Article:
I, Gordon Banks

By Alberto Adler

A few days ago, my father died.

Any attempt to describe the mix of pain and absence is futile, so I won’t talk about my grief (right now).

I’ll talk about how small words can make a difference when comforting someone.

When I was 5 years old, Brazil was a three-time world football champion. It was 1970, the team ‘Canarinho’ was the best of all times, and at home games, everyone wanted to be Pele, Tostão, Jairzinho, or Rivelino.

And I was bad on the line. So, I wasn’t excluded from kid’s friendly games, but I was always chosen for the goal. It was frustrating.

On Sundays, returning home after a day at the club, my father always asked if I had scored any goals and I, embarrassed, replied that I had played as a goalkeeper. Of course, my mother and sisters understood that goalkeepers don’t score. But my father understood why kids were chosen to play as goalkeepers: I had a wooden leg (a calamity). And I knew that he knew.

One day, however, while I was crying because I wanted to play on the line and not in the goal, a boy about three years older, explained to me that great players played as a goalie, Gordon Banks, for example.

Banks was England’s fantastic goalkeeper, the best in the world, almost stopped Pele and company. If all played Carlos Alberto, Gerson, and Piazza during our games, why wouldn’t I play Banks?

So, I did. And for a while, it worked.

But, in 1972, Gordon Banks lost sight in one eye in a car accident. It was a catastrophe in terms of the nickname.

I, who was at that point even a reasonable goalkeeper, had suddenly become Gordon Banks, the one-eyed goalkeeper.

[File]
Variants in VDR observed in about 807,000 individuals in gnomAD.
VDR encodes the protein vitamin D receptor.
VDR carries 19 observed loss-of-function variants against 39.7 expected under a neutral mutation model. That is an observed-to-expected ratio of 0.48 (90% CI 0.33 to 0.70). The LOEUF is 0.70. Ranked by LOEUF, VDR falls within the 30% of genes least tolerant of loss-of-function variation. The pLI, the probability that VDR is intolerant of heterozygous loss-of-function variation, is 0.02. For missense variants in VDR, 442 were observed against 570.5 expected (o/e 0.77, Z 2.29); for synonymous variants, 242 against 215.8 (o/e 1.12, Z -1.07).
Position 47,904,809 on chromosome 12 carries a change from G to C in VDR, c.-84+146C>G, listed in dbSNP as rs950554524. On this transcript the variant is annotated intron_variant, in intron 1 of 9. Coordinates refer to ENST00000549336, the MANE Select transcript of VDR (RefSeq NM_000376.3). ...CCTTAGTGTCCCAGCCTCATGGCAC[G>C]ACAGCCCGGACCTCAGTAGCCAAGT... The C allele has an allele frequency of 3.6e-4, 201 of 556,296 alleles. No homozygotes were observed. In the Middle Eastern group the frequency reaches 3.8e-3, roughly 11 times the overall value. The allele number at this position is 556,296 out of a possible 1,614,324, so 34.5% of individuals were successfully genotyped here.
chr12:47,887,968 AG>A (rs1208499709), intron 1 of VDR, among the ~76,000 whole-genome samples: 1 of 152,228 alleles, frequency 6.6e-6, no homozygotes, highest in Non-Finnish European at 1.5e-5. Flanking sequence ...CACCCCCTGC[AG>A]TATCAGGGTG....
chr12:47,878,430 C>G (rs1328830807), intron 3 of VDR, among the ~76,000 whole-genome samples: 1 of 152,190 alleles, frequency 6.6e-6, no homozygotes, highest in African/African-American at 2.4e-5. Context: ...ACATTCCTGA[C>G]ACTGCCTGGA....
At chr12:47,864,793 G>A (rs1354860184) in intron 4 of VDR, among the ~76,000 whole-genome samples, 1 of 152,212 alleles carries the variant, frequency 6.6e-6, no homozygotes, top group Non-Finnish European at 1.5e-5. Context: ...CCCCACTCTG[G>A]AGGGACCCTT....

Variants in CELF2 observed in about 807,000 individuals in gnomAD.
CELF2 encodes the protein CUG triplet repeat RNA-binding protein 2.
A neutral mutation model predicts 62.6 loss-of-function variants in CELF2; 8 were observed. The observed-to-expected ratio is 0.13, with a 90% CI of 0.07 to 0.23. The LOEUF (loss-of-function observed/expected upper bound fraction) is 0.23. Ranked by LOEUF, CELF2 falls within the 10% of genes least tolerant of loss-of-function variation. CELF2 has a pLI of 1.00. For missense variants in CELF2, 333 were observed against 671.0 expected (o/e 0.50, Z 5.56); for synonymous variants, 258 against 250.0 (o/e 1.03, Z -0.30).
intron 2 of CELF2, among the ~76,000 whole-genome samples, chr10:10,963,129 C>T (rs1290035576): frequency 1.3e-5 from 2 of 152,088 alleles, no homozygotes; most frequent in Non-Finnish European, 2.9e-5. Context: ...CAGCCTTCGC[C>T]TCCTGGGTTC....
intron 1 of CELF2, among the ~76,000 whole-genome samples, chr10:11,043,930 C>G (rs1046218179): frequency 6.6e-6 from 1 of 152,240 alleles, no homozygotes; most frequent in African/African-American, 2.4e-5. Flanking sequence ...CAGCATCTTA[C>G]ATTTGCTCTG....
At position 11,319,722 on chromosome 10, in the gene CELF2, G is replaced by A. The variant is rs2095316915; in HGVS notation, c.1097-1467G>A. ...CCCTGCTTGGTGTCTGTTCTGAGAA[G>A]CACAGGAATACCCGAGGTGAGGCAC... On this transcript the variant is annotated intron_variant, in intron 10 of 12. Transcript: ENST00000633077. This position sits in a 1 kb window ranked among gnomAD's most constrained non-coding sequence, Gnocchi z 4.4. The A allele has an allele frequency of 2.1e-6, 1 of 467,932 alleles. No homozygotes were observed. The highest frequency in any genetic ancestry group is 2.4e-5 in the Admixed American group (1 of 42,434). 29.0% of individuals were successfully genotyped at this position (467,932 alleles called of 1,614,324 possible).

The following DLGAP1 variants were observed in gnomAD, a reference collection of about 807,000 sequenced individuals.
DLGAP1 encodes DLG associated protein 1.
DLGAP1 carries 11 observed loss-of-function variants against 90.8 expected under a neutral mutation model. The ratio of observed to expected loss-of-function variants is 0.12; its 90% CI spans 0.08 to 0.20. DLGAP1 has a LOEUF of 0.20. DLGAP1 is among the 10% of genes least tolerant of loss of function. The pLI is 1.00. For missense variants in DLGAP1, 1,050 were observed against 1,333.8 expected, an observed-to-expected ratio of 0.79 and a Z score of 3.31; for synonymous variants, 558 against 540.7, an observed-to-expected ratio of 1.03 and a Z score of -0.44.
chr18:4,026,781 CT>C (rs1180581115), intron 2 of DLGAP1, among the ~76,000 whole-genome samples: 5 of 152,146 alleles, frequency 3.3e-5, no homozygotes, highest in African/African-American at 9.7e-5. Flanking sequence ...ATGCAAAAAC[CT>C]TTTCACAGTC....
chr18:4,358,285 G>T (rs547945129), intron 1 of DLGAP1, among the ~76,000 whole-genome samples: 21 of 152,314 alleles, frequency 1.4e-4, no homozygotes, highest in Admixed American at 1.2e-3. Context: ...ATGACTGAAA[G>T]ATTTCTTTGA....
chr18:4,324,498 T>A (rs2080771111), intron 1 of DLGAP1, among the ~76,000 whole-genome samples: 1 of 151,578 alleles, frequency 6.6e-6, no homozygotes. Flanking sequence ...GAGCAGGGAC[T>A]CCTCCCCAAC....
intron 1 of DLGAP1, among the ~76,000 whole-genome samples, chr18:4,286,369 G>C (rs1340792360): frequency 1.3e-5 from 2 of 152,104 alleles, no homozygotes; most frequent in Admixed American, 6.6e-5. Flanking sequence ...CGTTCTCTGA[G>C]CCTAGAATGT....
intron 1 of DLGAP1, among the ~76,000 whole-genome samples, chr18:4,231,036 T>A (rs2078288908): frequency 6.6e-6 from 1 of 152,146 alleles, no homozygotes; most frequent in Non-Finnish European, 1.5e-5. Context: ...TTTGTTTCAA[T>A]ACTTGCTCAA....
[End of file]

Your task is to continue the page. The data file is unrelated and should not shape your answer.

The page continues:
This episode forced me to go back and insist on playing on the line.

I was never a star, but it wasn’t as bad as it was painted at the time of the World Cup. Over time, the Banks moniker faded away.

However, during this painful time, when they came to hug me and pay their respects, some friends called me Banks.

The nickname has nothing to do with football anymore. Instead, it was a condensed and affectionate way of saying, “we’ve been friends for a long time.” A childhood nickname welcomes, comforts, and rescues feelings of belonging.

Gordon Banks? Yes, it is me. I’m still myself.

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Alberto Adler is a Brazilian Scholar, a Visionary. He is a Pos-Graduation Professor. Adler is also a Business Mentor and a Leadership coach.

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Alberto Adler

Alberto Adler

Alberto Adler is a Brazilian Scholar, a Visionary. He is a Pos-Graduation Professor. Adler is also a Business Mentor and a Leadership coach.

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